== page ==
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If you think it's knock you're hearing, check your timing logs to see if there's pull happening. Also, make sure you run the correct copper plugs with the correct heat range. Once you start running crappy fuel, leaning out or fouling plugs due to whatever, you need to freshen up the plugs and start experimenting with the gap and heat range... Don't run platinum plugs as they are for lazy People who want to not look at them for 60k+.... Not for those who want a properly performing engine.

Have you considered running seafoam though it? Carbon buildup will cause hot spots and sometimes induce problems like you're describing, etc.
I will doing some extensive logging this summer. I have replaced the valve cover gasket and have found a noticeable amount of carbon buildup but didn't have the tools to the do a proper cleaning. I will try the cleaning later. I replaced the valve cover because of an oil leak. I have replaced the plugs with the correct ngk ones, not the platinum version. I checked the gap and it's less than 1mm so within spec. I still have the old coils I bought it with. I plan to replace them with some beru ones if replacing the variable intake shift rod bushings does not cure the knock/noise/rolling marbles.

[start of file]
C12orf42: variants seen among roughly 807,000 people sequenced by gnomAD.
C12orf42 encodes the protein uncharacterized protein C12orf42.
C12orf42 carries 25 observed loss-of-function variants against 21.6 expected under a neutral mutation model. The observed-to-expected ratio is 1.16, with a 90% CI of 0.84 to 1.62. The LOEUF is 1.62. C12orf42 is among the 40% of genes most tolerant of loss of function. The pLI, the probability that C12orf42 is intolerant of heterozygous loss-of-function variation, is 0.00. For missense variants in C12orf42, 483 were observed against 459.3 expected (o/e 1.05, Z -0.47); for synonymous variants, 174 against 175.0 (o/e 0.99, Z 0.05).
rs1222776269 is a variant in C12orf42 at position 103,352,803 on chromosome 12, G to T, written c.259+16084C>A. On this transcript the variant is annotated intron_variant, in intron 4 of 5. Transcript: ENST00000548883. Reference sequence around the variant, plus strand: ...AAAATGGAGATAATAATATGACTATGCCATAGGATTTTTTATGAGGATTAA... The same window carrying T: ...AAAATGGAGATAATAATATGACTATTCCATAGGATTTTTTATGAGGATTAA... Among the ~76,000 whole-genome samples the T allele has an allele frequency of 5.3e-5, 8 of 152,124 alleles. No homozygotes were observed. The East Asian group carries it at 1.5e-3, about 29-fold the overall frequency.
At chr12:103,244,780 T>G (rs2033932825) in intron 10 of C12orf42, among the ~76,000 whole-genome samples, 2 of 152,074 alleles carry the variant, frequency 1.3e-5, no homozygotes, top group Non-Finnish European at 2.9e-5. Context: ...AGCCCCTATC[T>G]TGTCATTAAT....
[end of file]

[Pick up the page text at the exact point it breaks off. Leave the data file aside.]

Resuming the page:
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Log your cam position, knock sensor voltage and timing pull (VAGcom).
Not sure how VVT works on the V8 (I am used to 22 degrees intake cam at 4200 rpm).
What do you mean by "if the timing check procedure is still not accurate according to the internet."?
I will do the logging soon.